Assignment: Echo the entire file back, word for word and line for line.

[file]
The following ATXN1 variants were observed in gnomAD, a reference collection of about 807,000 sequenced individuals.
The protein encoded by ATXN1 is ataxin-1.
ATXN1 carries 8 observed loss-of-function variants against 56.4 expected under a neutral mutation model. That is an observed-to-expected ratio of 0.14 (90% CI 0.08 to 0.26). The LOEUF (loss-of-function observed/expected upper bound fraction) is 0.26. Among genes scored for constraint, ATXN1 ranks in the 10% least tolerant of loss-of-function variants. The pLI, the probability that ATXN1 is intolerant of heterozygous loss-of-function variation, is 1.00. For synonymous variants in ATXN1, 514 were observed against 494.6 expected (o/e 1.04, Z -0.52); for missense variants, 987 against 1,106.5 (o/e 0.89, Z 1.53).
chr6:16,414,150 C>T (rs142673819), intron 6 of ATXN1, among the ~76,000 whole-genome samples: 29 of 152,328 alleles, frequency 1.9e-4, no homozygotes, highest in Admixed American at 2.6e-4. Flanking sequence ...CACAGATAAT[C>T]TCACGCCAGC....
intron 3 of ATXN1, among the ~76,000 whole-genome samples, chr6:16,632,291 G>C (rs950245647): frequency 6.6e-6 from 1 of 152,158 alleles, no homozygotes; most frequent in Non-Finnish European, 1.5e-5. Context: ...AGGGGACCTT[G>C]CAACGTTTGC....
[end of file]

The following ATXN1 variants were observed in gnomAD, a reference collection of about 807,000 sequenced individuals.
The protein encoded by ATXN1 is ataxin-1.
ATXN1 carries 8 observed loss-of-function variants against 56.4 expected under a neutral mutation model. That is an observed-to-expected ratio of 0.14 (90% CI 0.08 to 0.26). The LOEUF (loss-of-function observed/expected upper bound fraction) is 0.26. Among genes scored for constraint, ATXN1 ranks in the 10% least tolerant of loss-of-function variants. The pLI, the probability that ATXN1 is intolerant of heterozygous loss-of-function variation, is 1.00. For synonymous variants in ATXN1, 514 were observed against 494.6 expected (o/e 1.04, Z -0.52); for missense variants, 987 against 1,106.5 (o/e 0.89, Z 1.53).
chr6:16,414,150 C>T (rs142673819), intron 6 of ATXN1, among the ~76,000 whole-genome samples: 29 of 152,328 alleles, frequency 1.9e-4, no homozygotes, highest in Admixed American at 2.6e-4. Flanking sequence ...CACAGATAAT[C>T]TCACGCCAGC....
intron 3 of ATXN1, among the ~76,000 whole-genome samples, chr6:16,632,291 G>C (rs950245647): frequency 6.6e-6 from 1 of 152,158 alleles, no homozygotes; most frequent in Non-Finnish European, 1.5e-5. Context: ...AGGGGACCTT[G>C]CAACGTTTGC....